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Doctors may overlook abnormalities when they are tired or lose concentration. AI can make a critical difference in such cases.

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Yutaka Saito of the Gastrointestinal Endoscopy Division of the National Cancer Center Hospital. New systems have been developed in Japan that use artificial intelligence to analyze X-rays and endoscopic images to detect abnormalities in the human body that may indicate cancer.

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Shouldn’t they consider themselves to quickly change their profession if that has happened a first time , or if not seeing the point be prohibited to practice that and similar types of work?

Oh, so you want to live in a world without doctors. That makes sense. Sounds like a great world to live in bruh.

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Doctors may overlook abnormalities when they are tired or lose concentration.

That's why I always try and make hospital appointments either first thing in the morning, or first thing after lunch. The last time slot before lunch, and right at the end of the day are the most likely times you will be rushed out because the doctor wants to have lunch, or get off home.

I'm sure most doctors will remain professional throughout with every patient they see, but it's completely understandable that even subconsciously consultations are more detailed and focussed when the doctor feels most fresh.

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MRI when there are hundreds of scans to be checked. AI never sleeps and works at speed.I prefer my doctor/hospital appointments at the very end of the day and like this week when I went for my latest PSA test, we spent about 40 minutes chatting with the doctor because there were no more patients. He also enjoys our chats.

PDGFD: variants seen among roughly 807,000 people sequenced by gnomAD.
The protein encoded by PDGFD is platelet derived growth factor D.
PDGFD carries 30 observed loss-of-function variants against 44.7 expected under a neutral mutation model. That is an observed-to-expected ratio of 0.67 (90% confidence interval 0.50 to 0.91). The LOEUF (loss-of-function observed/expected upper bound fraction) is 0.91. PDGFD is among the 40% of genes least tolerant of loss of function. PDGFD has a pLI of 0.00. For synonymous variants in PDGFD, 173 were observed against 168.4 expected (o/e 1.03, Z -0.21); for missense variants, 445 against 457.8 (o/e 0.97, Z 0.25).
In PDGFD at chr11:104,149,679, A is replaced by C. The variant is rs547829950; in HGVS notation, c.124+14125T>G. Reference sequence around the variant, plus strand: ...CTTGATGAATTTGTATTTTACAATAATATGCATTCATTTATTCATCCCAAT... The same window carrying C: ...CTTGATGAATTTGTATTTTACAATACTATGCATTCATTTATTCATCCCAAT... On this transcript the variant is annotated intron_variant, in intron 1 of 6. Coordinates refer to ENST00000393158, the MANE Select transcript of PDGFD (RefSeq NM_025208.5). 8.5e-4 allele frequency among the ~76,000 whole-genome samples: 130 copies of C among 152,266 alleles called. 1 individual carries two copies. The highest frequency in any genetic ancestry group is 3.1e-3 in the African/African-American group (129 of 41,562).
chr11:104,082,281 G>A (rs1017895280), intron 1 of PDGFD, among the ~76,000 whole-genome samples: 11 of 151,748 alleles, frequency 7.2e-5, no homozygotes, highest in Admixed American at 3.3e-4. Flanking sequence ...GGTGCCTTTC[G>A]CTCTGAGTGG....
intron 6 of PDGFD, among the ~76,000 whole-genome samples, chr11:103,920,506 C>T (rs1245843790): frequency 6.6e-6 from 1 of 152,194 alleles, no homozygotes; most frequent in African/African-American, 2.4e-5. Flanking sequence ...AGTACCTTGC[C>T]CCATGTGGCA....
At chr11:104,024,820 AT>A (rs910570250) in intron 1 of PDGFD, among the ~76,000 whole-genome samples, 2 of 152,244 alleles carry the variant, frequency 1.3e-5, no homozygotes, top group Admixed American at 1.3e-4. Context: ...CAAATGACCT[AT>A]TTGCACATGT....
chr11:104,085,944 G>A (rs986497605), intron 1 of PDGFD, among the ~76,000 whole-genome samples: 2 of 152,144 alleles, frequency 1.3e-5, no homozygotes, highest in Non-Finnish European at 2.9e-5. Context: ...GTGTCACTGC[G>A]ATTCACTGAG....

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Taiwan is already using AI to read scans and Xrays.

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Every tool has its uses, experience and ability are some of the best, but not infallible, so if you can get an AI to do a check and call for attention details so the doctor can have a second look it is only going to make things better, the only problem is to train the doctors in the use of the technology and not letting them become dependent on it.

That's why I always try and make hospital appointments either first thing in the morning, or first thing after lunch.

First thing after lunch is not really that good of a spot either, the "Alkaline tide" make many doctors not be at full 100% for an hour or so after eating.

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It's a shame everything he says is negated by the fact that true AI does not exist (yet). If it did, the AI could just choose not to do it, depending on the mood, or to up and kill both doctor and patient as a threat to its existence. Smart tech is not the same as AI.

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AI is not the solution. Sure, it helps. But doctors and other medical staff have to stay in present time, alert and watchful at all times. There's no substitute for that.

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Doctors may overlook abnormalities when they are tired or lose concentration. 

Shouldn’t they consider themselves to quickly change their profession if that has happened a first time , or if not seeing the point be prohibited to practice that and similar types of work? I only ask....lol

-2 ( +0 / -2 )

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